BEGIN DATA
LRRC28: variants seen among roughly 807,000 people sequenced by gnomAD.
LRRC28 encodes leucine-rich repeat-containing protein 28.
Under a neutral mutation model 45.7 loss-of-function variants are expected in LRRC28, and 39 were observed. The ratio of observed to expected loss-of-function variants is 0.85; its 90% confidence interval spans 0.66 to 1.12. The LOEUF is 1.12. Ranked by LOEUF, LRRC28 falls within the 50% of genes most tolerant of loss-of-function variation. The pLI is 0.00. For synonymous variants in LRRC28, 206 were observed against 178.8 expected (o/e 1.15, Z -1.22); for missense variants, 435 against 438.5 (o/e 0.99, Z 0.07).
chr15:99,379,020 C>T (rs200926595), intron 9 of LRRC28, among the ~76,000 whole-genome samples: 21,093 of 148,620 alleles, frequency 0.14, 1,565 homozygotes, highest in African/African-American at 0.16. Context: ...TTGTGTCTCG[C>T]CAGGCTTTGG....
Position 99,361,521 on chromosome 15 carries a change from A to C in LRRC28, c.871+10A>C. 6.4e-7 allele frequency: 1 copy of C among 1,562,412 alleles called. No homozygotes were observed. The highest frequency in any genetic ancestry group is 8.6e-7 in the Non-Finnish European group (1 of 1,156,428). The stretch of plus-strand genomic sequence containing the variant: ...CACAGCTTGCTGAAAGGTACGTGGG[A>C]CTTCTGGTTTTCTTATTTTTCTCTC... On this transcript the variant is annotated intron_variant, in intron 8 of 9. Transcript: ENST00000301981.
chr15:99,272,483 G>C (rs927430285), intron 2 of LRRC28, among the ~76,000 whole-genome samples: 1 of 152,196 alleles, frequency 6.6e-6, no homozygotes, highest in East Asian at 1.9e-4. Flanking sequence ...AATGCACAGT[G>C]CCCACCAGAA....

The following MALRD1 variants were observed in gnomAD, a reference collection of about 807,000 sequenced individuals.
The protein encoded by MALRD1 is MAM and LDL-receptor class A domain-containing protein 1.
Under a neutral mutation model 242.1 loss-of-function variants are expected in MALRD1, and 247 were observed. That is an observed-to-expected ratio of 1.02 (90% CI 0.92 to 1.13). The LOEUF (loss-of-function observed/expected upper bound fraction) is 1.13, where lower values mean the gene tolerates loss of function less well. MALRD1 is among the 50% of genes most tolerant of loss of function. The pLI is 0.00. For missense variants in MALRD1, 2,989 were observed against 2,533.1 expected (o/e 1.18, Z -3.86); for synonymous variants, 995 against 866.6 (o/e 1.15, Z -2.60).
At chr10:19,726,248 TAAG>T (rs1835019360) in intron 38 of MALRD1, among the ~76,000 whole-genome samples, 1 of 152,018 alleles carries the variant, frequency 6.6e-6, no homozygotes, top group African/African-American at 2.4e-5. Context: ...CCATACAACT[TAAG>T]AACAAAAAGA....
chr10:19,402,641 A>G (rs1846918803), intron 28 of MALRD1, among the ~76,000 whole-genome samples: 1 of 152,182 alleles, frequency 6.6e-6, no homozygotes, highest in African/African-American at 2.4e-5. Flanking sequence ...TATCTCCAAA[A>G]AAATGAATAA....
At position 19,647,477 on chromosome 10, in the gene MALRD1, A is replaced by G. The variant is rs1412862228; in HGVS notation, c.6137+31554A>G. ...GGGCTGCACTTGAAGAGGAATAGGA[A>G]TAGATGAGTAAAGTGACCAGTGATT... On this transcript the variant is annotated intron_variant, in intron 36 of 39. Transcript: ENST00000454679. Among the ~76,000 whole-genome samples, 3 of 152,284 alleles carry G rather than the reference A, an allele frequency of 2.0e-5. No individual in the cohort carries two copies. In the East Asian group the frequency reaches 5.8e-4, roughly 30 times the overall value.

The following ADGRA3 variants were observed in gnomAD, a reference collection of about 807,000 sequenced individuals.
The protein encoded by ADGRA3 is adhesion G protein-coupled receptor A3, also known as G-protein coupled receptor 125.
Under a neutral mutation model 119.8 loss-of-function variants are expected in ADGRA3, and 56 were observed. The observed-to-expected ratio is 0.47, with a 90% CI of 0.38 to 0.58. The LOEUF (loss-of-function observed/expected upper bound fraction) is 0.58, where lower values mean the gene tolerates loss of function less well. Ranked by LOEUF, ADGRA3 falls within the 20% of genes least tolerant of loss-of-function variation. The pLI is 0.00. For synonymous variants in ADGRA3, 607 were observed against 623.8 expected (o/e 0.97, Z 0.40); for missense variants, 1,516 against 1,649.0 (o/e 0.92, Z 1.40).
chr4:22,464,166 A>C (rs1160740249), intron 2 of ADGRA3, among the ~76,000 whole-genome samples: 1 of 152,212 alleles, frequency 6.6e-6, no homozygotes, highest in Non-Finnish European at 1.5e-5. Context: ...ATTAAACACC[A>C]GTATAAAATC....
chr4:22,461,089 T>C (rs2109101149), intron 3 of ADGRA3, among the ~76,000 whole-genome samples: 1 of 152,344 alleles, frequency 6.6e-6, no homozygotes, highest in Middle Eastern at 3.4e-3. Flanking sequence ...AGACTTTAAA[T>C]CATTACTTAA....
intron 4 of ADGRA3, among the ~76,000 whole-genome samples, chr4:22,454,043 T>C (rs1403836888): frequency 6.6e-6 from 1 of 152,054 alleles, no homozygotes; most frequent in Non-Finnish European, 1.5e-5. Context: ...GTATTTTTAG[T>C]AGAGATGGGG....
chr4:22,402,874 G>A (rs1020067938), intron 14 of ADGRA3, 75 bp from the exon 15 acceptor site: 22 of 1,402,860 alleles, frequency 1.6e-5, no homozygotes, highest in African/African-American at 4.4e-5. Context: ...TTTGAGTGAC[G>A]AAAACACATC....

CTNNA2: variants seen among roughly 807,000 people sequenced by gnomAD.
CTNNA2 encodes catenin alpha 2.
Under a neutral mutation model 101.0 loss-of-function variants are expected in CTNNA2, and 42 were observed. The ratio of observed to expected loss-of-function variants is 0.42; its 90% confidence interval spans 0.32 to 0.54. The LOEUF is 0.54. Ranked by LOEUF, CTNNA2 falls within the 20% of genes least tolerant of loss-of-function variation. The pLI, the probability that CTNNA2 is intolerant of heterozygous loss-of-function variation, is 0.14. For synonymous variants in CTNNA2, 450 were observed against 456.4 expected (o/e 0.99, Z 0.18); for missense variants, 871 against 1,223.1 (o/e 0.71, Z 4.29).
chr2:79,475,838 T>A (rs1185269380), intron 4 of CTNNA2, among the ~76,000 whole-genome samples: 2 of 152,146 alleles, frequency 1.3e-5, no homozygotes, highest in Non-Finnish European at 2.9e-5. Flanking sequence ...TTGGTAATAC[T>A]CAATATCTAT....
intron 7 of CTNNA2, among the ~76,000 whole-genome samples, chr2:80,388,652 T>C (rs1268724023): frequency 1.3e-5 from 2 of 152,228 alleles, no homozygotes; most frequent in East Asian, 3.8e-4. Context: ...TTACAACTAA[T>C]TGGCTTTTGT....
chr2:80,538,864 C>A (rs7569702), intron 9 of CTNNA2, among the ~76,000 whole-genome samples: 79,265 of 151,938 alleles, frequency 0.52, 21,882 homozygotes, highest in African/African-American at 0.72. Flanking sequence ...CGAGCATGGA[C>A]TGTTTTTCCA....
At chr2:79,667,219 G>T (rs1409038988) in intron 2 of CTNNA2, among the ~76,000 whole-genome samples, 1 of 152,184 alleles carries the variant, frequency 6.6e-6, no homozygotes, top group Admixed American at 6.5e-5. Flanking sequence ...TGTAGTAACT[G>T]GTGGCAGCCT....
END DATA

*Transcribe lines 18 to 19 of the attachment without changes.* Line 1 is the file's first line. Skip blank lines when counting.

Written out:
intron 4 of ADGRA3, among the ~76,000 whole-genome samples, chr4:22,454,043 T>C (rs1403836888): frequency 6.6e-6 from 1 of 152,054 alleles, no homozygotes; most frequent in Non-Finnish European, 1.5e-5. Context: ...GTATTTTTAG[T>C]AGAGATGGGG....
chr4:22,402,874 G>A (rs1020067938), intron 14 of ADGRA3, 75 bp from the exon 15 acceptor site: 22 of 1,402,860 alleles, frequency 1.6e-5, no homozygotes, highest in African/African-American at 4.4e-5. Context: ...TTTGAGTGAC[G>A]AAAACACATC....